Fruit shoppers in America have shown a sharp and increased interest in purchasing fresh pears at the grocery store over the past 25 years. USDA resources state that per capita consumption of fresh table-quality pears has increased more than most fruits, while purchases of fresh peaches have decreased. Fresh pears can be stored at a temperature close to zero for 5 months, so that they can be bought by consumers later. For backyard gardeners, pear trees can grow 20-30 feet tall on semi-dwarf rootstocks and are well suited to growing in most soils, even poorly drained soils, preferably in the pH range of 6 to 7. Pear trees will grow and tolerate temperatures as low as -20 degrees Fahrenheit.
Burbank has done many amazing crosses with pear trees. Crossed pears with apples and quinces; however, these hybrid trees did not grow to produce acceptable fruit.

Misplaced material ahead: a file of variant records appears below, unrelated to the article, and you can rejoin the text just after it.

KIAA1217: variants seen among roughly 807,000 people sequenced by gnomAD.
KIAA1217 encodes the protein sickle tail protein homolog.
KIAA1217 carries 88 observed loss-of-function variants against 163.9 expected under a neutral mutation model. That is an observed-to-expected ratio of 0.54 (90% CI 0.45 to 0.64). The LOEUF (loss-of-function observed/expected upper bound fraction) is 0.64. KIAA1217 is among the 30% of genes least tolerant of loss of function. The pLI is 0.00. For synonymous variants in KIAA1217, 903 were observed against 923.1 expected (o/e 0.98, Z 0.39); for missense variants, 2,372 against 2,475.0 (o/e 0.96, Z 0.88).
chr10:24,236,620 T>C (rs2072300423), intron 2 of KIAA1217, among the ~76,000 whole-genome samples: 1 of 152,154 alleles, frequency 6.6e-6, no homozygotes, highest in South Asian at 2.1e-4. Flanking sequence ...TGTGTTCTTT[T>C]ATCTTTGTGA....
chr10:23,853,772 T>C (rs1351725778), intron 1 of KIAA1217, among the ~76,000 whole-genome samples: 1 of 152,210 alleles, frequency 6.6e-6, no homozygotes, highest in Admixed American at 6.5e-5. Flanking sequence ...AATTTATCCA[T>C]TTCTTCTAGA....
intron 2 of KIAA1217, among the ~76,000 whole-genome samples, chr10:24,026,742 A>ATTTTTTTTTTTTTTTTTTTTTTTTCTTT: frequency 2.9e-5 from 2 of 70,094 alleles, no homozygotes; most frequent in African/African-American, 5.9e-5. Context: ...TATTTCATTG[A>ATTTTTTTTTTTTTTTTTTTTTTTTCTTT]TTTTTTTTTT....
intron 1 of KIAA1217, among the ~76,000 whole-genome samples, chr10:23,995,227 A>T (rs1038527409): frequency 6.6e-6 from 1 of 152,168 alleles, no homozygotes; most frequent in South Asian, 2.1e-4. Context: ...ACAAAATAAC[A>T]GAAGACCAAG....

Pear fruit contains antioxidants and does not contain fat, but healthy vitamins A, B1, B2, C, niacin and minerals calcium, phosphorus, iron and potassium.
Many pear varieties are recommended for planting. Ayers Pear, Baldwin Pear, Columbus Red Pear, Floridahome Pear, Hood Pear, Kiefer Pear, Leconte Pear, Moonglow Pear, Orient Pear, Pineapple Pear, Sand Pear, and Warren Pear. Four varieties of Asian pears are also planted: Korean giant pear, Hosui pear, Shinseiki pear, twentieth century pear.
There are also four varieties of flowering, non-fruiting pears. Bradford Blooming Pear, Cleveland Blooming Pear, Aristocrat Blooming Pear and Autumn Blaze Blooming Pear.
Copyright 2006 Patrick Malcolm